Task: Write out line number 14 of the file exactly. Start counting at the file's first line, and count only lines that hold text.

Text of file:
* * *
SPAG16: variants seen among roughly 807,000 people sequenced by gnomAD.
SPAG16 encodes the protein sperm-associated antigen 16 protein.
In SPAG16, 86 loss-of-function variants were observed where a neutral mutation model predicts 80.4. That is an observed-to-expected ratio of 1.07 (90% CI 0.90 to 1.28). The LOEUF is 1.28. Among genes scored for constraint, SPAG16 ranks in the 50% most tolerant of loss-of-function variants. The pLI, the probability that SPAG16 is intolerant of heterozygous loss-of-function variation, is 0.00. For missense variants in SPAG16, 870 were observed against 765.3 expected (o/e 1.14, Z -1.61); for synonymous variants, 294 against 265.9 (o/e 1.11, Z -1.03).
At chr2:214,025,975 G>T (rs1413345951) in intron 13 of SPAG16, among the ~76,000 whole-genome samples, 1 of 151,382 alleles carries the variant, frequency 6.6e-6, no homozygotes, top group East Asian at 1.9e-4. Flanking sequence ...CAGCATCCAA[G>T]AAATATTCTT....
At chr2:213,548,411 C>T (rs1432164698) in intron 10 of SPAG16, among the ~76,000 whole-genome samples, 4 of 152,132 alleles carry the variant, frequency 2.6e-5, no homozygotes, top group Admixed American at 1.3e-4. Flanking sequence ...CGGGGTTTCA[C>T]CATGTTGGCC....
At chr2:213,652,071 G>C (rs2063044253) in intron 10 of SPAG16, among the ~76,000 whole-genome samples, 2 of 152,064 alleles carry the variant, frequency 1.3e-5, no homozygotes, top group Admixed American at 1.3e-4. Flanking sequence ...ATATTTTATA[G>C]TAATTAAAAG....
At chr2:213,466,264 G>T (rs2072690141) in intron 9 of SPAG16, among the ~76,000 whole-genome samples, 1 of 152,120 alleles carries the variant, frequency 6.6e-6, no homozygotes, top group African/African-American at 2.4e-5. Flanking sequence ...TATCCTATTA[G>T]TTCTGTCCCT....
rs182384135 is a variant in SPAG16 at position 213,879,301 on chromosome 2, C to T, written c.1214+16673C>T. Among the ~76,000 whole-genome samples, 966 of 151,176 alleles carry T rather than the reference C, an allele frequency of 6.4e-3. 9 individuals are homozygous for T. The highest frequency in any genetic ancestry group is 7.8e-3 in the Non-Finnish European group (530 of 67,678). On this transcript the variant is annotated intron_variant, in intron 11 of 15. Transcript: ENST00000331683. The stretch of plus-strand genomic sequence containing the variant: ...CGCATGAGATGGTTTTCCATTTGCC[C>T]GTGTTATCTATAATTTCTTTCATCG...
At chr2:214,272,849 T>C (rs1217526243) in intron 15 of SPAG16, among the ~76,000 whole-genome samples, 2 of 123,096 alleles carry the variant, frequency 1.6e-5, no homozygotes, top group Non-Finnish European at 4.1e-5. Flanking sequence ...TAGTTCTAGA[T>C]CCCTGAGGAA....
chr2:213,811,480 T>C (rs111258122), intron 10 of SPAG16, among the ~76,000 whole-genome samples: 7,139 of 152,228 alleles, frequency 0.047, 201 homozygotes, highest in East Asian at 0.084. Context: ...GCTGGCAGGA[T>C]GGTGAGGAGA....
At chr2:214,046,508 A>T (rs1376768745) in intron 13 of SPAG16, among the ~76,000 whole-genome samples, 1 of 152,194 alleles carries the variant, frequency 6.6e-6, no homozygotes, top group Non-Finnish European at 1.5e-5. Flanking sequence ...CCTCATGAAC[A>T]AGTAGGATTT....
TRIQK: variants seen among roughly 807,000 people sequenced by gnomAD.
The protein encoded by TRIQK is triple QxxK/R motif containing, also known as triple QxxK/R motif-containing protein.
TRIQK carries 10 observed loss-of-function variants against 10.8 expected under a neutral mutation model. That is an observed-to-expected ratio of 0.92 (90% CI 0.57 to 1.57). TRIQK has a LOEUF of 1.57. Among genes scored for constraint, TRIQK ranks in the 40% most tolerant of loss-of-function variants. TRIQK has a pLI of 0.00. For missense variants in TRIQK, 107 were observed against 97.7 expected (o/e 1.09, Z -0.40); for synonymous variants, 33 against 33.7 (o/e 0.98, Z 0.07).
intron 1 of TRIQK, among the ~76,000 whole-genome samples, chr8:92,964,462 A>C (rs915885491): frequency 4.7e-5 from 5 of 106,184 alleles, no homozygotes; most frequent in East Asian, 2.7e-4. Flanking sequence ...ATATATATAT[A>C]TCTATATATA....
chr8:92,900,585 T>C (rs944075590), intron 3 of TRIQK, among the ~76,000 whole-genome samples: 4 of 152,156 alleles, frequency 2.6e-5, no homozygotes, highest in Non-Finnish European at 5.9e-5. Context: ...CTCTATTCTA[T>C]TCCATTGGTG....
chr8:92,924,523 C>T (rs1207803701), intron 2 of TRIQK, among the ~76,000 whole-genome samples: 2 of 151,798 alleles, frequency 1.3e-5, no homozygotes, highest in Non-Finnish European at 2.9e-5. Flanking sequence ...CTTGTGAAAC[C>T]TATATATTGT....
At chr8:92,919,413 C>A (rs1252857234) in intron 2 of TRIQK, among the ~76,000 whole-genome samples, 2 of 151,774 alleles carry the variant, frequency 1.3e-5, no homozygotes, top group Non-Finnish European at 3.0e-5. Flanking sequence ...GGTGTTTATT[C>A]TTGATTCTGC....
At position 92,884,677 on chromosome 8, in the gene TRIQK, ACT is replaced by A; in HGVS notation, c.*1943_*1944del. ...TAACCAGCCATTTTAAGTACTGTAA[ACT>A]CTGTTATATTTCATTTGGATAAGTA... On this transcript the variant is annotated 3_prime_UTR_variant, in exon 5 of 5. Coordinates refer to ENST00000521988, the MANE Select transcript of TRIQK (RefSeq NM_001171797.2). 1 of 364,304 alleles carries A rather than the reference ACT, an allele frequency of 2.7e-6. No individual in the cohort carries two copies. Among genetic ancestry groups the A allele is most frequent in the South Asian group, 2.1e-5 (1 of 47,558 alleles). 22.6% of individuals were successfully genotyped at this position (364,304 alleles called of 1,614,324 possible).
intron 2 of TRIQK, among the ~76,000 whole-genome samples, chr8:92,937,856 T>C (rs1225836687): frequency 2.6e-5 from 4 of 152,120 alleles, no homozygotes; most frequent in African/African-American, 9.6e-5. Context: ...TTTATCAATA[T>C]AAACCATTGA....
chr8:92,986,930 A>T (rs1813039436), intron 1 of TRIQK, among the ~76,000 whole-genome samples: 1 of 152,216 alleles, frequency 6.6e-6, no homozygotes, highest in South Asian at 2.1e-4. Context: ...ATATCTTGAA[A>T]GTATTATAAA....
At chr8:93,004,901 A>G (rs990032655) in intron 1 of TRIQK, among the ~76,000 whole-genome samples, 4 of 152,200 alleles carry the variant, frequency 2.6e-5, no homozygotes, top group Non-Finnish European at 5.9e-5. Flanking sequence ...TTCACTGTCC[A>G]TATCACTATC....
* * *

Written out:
TRIQK carries 10 observed loss-of-function variants against 10.8 expected under a neutral mutation model. That is an observed-to-expected ratio of 0.92 (90% CI 0.57 to 1.57). TRIQK has a LOEUF of 1.57. Among genes scored for constraint, TRIQK ranks in the 40% most tolerant of loss-of-function variants. TRIQK has a pLI of 0.00. For missense variants in TRIQK, 107 were observed against 97.7 expected (o/e 1.09, Z -0.40); for synonymous variants, 33 against 33.7 (o/e 0.98, Z 0.07).